Saturday, August 18, 2012

Contradictory Statements of Jesus?


Mat 7:1 KJV - Judge not, that ye be not judged.
JWET You must not separate-judge in that point that you might not be separated-judged.
Jhn 7:24 KJV - Judge not according to the appearance, but judge righteous judgment.
JWET You must not separate-judge concerning dignity/position, on the other hand of the keeping of the laws, a separation-judgment you must separate-judge.

Is Jesus contradicting himself? If He is, does this bring everything he has to say into disrepute? How is this to be synchronized?

Most of the discussions concerning “judge not” are centered around the idea that someone else does not have the “right” to judge me. If you do judge me then you are evil. Or you will be judged and you don't want that do you? This actually is a “self-defense” strategy to divert negative judgment away from the culprit and redirect it towards the “prosecution.”  So what is Jesus saying?

Matthew records Jesus as saying, “Judge not, that ye be not judged” or “You must not judge in that point, so that you might not be judged in that point.” The chapter divisions lead some to believe that Jesus is beginning a new subject on judging, when in fact he is wrapping up and summarizing the preceding two chapters' points.

Chapters 5&6 are how to make proper judgments!  Matthew 5:3, “Those blessed poor with the Spirit, that theirs is the kingdom of heaven.JWET” Jesus is instructing his listeners to make a proper separation between those who are happy and inheritors of kingdom of heaven and those who make that claim but are not blessed.  5:4 “Those blessed mourners, in that they will be called alongside.JWET”  Jesus continues in this same fashion drawing a sharp contrast between the erroneously accepted judgements of the day and those that should be made.  5:13 Jesus now says that you, the persecuted ones, are salt. It is not those living in relaxed affluence that are to be regarded as influencers of this world, instead the poor mourning persecuted prophets are the salt.

5:21&22 begin a series of contrasting statements, “You have heard that...” and “But I say to you...” We have learned what some have taught as truth but Jesus corrects that untruth with a proper judgement. Make Jesus' type of  judgment and you won't go wrong.

5:48 Be a grown up, just like God.

Chapter 6 Jesus is saying don't take your lead from hypocrites who give alms publicly, pray loudly, amass earthly fortunes, try to serve the world and God at the same time, and seek after their own kingdoms before God's.   Then Jesus gets to the conclusion: You must not judge in that point, that you might not be judged JWET.  If you judge like a hypocrite you will be judged like the hypocrite.  If you judge like Jesus, you will be making proper judgments.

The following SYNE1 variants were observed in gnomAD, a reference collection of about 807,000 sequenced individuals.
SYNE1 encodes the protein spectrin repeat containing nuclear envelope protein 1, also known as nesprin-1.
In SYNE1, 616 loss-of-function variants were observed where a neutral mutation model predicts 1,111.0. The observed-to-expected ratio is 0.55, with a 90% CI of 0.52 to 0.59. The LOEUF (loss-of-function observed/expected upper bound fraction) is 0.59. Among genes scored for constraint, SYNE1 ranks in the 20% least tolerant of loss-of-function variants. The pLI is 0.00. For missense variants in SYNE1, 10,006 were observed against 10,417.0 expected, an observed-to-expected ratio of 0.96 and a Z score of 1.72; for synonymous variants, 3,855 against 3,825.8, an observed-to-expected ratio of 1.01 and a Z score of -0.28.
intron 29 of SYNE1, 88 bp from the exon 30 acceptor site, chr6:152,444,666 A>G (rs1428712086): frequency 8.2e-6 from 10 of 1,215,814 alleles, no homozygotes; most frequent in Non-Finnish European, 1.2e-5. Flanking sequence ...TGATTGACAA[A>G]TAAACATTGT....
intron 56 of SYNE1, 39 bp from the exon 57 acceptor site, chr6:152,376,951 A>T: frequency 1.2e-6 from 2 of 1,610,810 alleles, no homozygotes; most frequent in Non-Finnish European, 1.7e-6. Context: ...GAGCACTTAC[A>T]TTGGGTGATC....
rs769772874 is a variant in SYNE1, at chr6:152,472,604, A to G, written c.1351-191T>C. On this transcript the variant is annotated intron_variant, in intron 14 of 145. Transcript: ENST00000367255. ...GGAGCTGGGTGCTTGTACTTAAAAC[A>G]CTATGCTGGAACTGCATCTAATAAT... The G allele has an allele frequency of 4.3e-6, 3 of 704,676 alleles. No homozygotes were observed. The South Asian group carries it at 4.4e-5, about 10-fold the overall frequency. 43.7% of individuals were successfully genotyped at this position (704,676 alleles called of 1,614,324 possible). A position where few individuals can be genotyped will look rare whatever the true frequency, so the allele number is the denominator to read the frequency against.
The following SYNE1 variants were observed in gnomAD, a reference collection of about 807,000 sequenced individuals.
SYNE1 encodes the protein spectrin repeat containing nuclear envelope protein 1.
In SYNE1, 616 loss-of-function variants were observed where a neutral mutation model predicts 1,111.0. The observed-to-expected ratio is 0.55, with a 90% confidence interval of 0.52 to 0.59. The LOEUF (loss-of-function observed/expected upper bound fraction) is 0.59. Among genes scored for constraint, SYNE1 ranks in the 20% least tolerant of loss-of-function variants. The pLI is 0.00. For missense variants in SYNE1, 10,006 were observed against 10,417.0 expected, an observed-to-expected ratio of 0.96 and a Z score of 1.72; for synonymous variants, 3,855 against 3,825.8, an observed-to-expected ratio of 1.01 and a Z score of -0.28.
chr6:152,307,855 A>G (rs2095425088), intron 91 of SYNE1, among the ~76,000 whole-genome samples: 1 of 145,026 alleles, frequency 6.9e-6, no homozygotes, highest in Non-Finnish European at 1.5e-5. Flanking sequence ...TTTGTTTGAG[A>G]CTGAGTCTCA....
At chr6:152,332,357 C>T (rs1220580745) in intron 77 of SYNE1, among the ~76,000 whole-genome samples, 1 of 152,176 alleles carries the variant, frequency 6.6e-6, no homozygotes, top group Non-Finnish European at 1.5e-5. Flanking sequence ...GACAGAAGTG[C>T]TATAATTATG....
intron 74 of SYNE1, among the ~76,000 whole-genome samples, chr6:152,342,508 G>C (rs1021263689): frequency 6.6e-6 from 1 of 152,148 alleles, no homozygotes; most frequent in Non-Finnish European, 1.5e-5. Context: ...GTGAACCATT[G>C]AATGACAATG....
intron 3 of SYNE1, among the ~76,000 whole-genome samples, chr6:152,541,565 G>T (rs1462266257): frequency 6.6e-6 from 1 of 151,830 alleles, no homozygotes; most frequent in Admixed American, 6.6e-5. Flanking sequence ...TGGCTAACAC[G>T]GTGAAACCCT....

So we see that John 7:24 You must not judge concerning dignity/position, on the other hand of the keeping of the laws, this judgment you must judge JWET is not a contradiction but the restatement of Matthew 7:1. Jesus doesn't contradict himself but he does contradict those who say, “You can't judge me.”

I can certainly make a judgment of how well you and I are keeping God's requirements.  In doing so I rightly separate between good and bad, false teacher and true teacher, false teaching and true teaching, a false holiness and true holiness, and the list goes on.  

Don't be confused, there are false judgments and true judgments.  Grown up and be like God!

Saturday, January 01, 2011

Is Adam our Federal Head?

 “Theology” is obviously driven by translation. In the following translation you will see that I chose to translate μαρτία, κόσμον and θάνατος in ways that I believe more accurately reflect what Paul wrote to the Romans. Remembering that Rome was equivalent to our own hyper-political and corrupt Washington, D. C., those three words would have been understood as “legal technicalities.”

  •  μαρτία hamartia—failure

  •  κόσμον kosmon—world-order [either legalities and/or customs]

  • θάνατος thanatos—death penalty pronounced by a judge

Romans 5:12 because of this, as it were, because of one human, the failure, in regards to the world order, came before the court, and because of the failure, the death-penalty also in this manner to all humanity, the death penalty, went abroad, upon this thing, everyone has failed. JWET
This verse, as can be seen does not speak of a “federal head” or even a “corporate head.” But as a result of Adam and Eve the world-order that had been established by God was disrupted. The miscreants were judged and pronounced guilty. Following the judgment came the penalty phase where “death” was pronounced. Therefore it can be seen that anyone who “fails” is under the death penalty. This is validated by Scripture itself—each person will judged for what they do—Romans 2:6.  As a final thought, Theology also influences translation.